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MASSACREIN OMAGH

February 16, 2011

By Staff Reporter

By Anne Cadwallader

BELFAST — Twenty-eight people were killed and more than 200 injured, many of them seriously, in Northern Ireland’s worst-ever bombing in Omagh, Co. Tyrone, on what is being called “Bloody Saturday,” Aug. 15.

One of the dead was a pregnant woman, another was an 18-month-old child. The massive bomb, estimated to be 500 pounds, was no respecter of youth, age, gender or denomination.

Doctors and nurses battled to save the lives of the injured, who were suffering from broken bones, lacerated flesh, burned limbs, shattered internal organs and the sheer shock of the bombing.

Aug. 15 will go down in history for the scenes of unbearable grief and agony as a bomb ripped through bustling crowds at Omagh’s annual festival, scattering limbs and burned bodies through the streets.

The so-called “True” or “Real” IRA was immediately being blamed for the outrage, with politicians, on both sides of the border vowing to hunt the bombers down, while saving the peace process from their actions.

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Sinn Fein’s leader, Gerry Adams, used the word “condemn” for the first time in describing his reaction to a bombing. Adams broke off his holiday and said he was “totally horrified” by the explosion.

The RUC received a warning about a bomb at the town’s courthouse at the North end of the town. They began to move people away from it to a place of safety.

But the bomb went off about 250 yards away 40 minutes later. RUC officers had unwittingly moved shoppers directly into the path of the explosion at the other end of the town. It is believed that the bombers, unable to get the vehicle near the courthouse because of the crowds, simply left it and fled.

Witnesses tell of people in panic rushing around trying to find their children, brothers, mothers and friends in the crowded streets where the town’s festival was taking place.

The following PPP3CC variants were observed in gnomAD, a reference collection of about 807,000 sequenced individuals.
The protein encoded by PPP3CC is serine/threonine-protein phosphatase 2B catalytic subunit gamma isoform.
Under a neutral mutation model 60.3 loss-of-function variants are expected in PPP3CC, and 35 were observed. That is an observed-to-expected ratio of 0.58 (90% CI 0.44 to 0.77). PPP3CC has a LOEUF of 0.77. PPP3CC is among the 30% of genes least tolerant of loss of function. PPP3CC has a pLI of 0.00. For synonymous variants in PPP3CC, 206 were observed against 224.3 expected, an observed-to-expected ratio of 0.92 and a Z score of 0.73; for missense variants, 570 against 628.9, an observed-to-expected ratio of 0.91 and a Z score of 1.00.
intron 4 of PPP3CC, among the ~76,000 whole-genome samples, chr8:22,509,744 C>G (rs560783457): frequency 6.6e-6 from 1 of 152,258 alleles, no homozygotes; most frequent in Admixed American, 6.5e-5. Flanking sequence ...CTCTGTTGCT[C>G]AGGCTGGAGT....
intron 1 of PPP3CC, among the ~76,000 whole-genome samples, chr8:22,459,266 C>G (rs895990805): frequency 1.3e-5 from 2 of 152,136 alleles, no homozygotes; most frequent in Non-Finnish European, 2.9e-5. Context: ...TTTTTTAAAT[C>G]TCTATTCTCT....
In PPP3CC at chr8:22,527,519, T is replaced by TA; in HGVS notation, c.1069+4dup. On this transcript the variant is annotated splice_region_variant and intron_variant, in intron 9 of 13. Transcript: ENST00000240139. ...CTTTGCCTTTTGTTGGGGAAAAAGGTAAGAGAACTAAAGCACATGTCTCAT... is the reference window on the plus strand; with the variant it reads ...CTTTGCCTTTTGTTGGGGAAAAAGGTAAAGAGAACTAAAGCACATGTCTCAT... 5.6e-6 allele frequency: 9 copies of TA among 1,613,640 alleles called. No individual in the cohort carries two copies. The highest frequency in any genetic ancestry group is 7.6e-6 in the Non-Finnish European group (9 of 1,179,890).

One man said he saw at least 15 blackened bodies in the street with limbs and hands lying on the ground and carnage everywhere, with injured people screaming and crying.

The badly injured were lifted onto doors and the less injured put on buses to take them to hospital. Scenes there were shocking beyond belief with floors and hospital steps awash with blood.

Lists of the injured being treated were read out at the Tyrone County Hospital to hundreds of relatives who gathered to hear if their loved ones are alive or dead. All phone lines to the town were cut and people were frantic to get news.

There was relief for some when they heard a name they were searching for and discover they are only injured. For others their worst fears are being realized.

Although an alert went out for all off-duty doctors and nurses to report to the Tyrone Hospital for work, it was unable to cope and helicopters ferried the injured to Enniskillen, Dungannon, Derry and Belfast.

David Trimble, the Ulster Unionist leader, and the Rev. Ian Paisley of the DUP cut short their holidays to return to Northern Ireland as the full tragedy of the bombing hit home.

John Hume, leader of the SDLP, called those responsible “out and out fascists.” He said they were “enemies of the people of Ireland who have so loudly spoken as to how they wish to be governed together.”

Sinn Fein ard comhairle member Martin McGuinness described the bombing as “appalling and indefensible,” calling on those responsible to stop immediately. “I am appalled and disgusted at what has happened in Omagh. It was an indefensible action,” he said.

“This appalling act was carried out by those opposed to the peace process. It is designed to wreck the process and everyone should work to ensure the peace process continues.”

Tony Blair, the British prime minister, called it an “act of savagery” by those determined to wreck the process. They would never be allowed to win, he said. The people of Ireland wanted a new future and they would get it.

“We cannot just feel outrage at the evil of it and total determination to bring the perpetrators of it to justice, but an equal determination that these people will not win, they will not destroy the process that we have built up.”

“Along with the grief and sympathy we feel for the families who have been bereaved by this appalling tragedy, we have to carry on trying to give people, the children of Northern Ireland, the peace they deserve.”

The RUC chief Constable, Ronnie Flanagan, said it was the worst outrage he had ever experienced. It was an attack on innocent people by those who killed because they wanted to.

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